End of the Road?
Barely has the year begun in 2017 and the fashion world was blessed with what can be considered the biggest news of the year. The highly regarded French designer Louis Vuitton is to collaborate with arguably the biggest streetwear label Supreme. The announcement was complete with a fashion show in Paris showcasing various designs for Autumn Winter 2017 complimented with the Supreme motifs. Whilst the news is without precedent, what does this mean for the sneaker culture?
The nature of the collaboration means that we are witnessing a shift in landscape. Yes, this is not the first time we have had streetwear brands collaborating with a premium brand as witnessed with Nike and Stone Island, Puma and Alexander McQueen and even Fragment Design and Louis Vuitton in 2016. However, this announcement confirms a movement that has been in the workings as far back as 2012. Being a sneakerhead and just wearing streetwear labels has moved on. What we have witnessed is the growth in popularity of the sneaker culture because of myriad of reasons such as Kanye West and social media. While these factors are some of the reason for the growth in popularity, it has lead to an increase in the diversification of the clientele within the culture. The sneaker culture has now migrated from the die-hard sneakerheads to those who may want to be in the cool crowd and may not necessarily have the appreciation of the sneaker culture.
Some of the new entrants to the culture have deeper pockets than the average sneakerhead and are able to buy their way, attempting to gain cool points by showing off the latest hyped sneaker purchases on social media. Some of the new entrants are younger and their sense of fashion is to brand mix.
Now brand mixing isn’t a new phenomenon as it has been discussed in the past. But what is apparent is that brand mixing involving streetwear or sportswear with high fashion brands has become de rigueur. This has been popularised by the term “fit-look”. A fit-look is the pairing of sneakers with high-end streetwear labels. In some cases this can be replaced for designer label and posted in social media. It is no surprise that brands from high street to high end have picked up this and with the growing popularity of fashion have formed collaborative synergies. This brings us to Louis and Supreme.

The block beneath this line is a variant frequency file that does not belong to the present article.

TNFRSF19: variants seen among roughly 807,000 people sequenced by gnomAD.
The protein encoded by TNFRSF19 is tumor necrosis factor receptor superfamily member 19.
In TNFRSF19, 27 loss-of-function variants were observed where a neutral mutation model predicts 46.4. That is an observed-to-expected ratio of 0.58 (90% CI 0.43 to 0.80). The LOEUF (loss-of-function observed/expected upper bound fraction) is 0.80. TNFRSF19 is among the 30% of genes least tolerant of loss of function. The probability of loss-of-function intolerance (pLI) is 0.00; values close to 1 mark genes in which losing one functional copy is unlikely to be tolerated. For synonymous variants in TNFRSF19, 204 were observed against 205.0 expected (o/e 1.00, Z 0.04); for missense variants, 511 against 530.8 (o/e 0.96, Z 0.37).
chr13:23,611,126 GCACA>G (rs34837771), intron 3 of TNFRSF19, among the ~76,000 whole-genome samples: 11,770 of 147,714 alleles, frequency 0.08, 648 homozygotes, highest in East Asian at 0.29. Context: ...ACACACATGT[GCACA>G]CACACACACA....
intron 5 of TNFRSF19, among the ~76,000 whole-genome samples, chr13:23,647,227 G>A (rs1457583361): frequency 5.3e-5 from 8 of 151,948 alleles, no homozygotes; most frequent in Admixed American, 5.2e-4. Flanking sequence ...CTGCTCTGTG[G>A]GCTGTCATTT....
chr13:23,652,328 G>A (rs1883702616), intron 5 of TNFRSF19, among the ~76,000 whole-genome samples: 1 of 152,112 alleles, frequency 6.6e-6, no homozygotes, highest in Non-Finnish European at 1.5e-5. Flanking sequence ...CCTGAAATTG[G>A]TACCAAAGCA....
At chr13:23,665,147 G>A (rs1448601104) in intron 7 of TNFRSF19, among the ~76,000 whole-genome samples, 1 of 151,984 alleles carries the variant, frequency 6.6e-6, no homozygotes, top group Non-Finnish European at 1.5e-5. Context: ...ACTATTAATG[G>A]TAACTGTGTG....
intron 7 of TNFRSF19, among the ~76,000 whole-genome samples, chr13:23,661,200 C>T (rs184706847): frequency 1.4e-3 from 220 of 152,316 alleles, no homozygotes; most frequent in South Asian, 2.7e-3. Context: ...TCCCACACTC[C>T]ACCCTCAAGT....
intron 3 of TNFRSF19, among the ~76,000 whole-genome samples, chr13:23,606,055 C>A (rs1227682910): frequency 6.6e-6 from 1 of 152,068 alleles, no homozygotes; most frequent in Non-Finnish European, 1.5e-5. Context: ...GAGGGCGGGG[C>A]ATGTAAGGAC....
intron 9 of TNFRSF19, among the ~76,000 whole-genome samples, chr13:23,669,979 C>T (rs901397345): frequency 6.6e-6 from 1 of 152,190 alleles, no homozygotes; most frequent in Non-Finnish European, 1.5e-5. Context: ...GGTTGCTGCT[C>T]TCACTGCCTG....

With this announcement, Louis Vuitton and Supreme have brought to the fore an elitist attitude simply expressed as “money talks”. This has always been the case in life and it will be no different when the collaboration is available for purchase mid-Summer 2017. This event will sort the wheat from the chaffs for those that can and can’t afford it. I believe this is where the sneaker culture is at right now.
The sneaker culture is now beyond the realms of the average Joe and with collaborations like that of Supreme and Louis Vuitton, it will only serve the rich who can afford it, though it’s the have-nots that will have a greater desire. Those who have grown up with the brand such as Supreme would consider this collaboration a slap in the face given the perceived brand loyalty. However, this is the new target audience. The sneaker culture is moving away from the streets to the rich. Or, taking the streets to the rich.
In order to keep up with the latest drops now, you either have to get lucky in a store or Instagram raffle to have the privilege of buying the shoe, have an inside contact (also know as a ‘plug’) or pay the resell price if you’re lucked out. Some may argue it has always been like that while others argue it has gotten worse. Going through this repeated process could marginalise those with a passion even though the cost has become more expensive.
The ironic truth is that while the sneaker culture seeks to widen it audience by appealing to a new audience, there is a current danger that it seeks to exclude the very group of people that has made the culture what it is.